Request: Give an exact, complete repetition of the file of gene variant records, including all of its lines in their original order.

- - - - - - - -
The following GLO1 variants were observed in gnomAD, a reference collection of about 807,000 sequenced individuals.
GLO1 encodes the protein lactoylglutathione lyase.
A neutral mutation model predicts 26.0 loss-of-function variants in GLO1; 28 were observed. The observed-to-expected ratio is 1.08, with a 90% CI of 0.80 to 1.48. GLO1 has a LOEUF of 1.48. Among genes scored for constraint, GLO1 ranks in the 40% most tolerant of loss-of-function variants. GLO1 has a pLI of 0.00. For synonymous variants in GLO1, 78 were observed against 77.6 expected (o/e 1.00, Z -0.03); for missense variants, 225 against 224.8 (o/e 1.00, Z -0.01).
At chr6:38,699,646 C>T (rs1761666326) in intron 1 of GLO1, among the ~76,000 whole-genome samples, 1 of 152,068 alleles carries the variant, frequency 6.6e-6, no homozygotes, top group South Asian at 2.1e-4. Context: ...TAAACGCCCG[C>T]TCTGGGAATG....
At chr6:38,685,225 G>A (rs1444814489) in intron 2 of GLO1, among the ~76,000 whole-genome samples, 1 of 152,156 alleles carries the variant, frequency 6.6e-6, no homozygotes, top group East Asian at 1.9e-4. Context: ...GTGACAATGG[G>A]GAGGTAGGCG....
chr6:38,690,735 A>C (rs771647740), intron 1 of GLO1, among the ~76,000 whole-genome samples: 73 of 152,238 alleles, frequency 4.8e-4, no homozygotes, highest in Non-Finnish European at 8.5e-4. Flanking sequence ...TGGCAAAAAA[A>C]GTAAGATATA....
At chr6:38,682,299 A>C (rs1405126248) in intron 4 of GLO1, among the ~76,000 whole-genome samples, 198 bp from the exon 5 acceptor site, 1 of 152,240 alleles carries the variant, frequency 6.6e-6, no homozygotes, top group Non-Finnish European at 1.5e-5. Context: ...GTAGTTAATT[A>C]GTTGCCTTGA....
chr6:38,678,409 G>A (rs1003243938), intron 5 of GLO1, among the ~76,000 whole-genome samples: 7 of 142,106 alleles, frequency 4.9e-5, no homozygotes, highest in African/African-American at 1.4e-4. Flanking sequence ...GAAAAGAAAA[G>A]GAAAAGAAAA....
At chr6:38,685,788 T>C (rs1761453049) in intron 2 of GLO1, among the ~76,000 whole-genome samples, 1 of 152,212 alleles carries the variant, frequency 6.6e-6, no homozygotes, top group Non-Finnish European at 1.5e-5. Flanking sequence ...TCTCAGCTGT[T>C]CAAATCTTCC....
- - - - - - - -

The following GLO1 variants were observed in gnomAD, a reference collection of about 807,000 sequenced individuals.
GLO1 encodes the protein lactoylglutathione lyase.
A neutral mutation model predicts 26.0 loss-of-function variants in GLO1; 28 were observed. The observed-to-expected ratio is 1.08, with a 90% CI of 0.80 to 1.48. GLO1 has a LOEUF of 1.48. Among genes scored for constraint, GLO1 ranks in the 40% most tolerant of loss-of-function variants. GLO1 has a pLI of 0.00. For synonymous variants in GLO1, 78 were observed against 77.6 expected (o/e 1.00, Z -0.03); for missense variants, 225 against 224.8 (o/e 1.00, Z -0.01).
At chr6:38,699,646 C>T (rs1761666326) in intron 1 of GLO1, among the ~76,000 whole-genome samples, 1 of 152,068 alleles carries the variant, frequency 6.6e-6, no homozygotes, top group South Asian at 2.1e-4. Context: ...TAAACGCCCG[C>T]TCTGGGAATG....
At chr6:38,685,225 G>A (rs1444814489) in intron 2 of GLO1, among the ~76,000 whole-genome samples, 1 of 152,156 alleles carries the variant, frequency 6.6e-6, no homozygotes, top group East Asian at 1.9e-4. Context: ...GTGACAATGG[G>A]GAGGTAGGCG....
chr6:38,690,735 A>C (rs771647740), intron 1 of GLO1, among the ~76,000 whole-genome samples: 73 of 152,238 alleles, frequency 4.8e-4, no homozygotes, highest in Non-Finnish European at 8.5e-4. Flanking sequence ...TGGCAAAAAA[A>C]GTAAGATATA....
At chr6:38,682,299 A>C (rs1405126248) in intron 4 of GLO1, among the ~76,000 whole-genome samples, 198 bp from the exon 5 acceptor site, 1 of 152,240 alleles carries the variant, frequency 6.6e-6, no homozygotes, top group Non-Finnish European at 1.5e-5. Context: ...GTAGTTAATT[A>C]GTTGCCTTGA....
chr6:38,678,409 G>A (rs1003243938), intron 5 of GLO1, among the ~76,000 whole-genome samples: 7 of 142,106 alleles, frequency 4.9e-5, no homozygotes, highest in African/African-American at 1.4e-4. Flanking sequence ...GAAAAGAAAA[G>A]GAAAAGAAAA....
At chr6:38,685,788 T>C (rs1761453049) in intron 2 of GLO1, among the ~76,000 whole-genome samples, 1 of 152,212 alleles carries the variant, frequency 6.6e-6, no homozygotes, top group Non-Finnish European at 1.5e-5. Flanking sequence ...TCTCAGCTGT[T>C]CAAATCTTCC....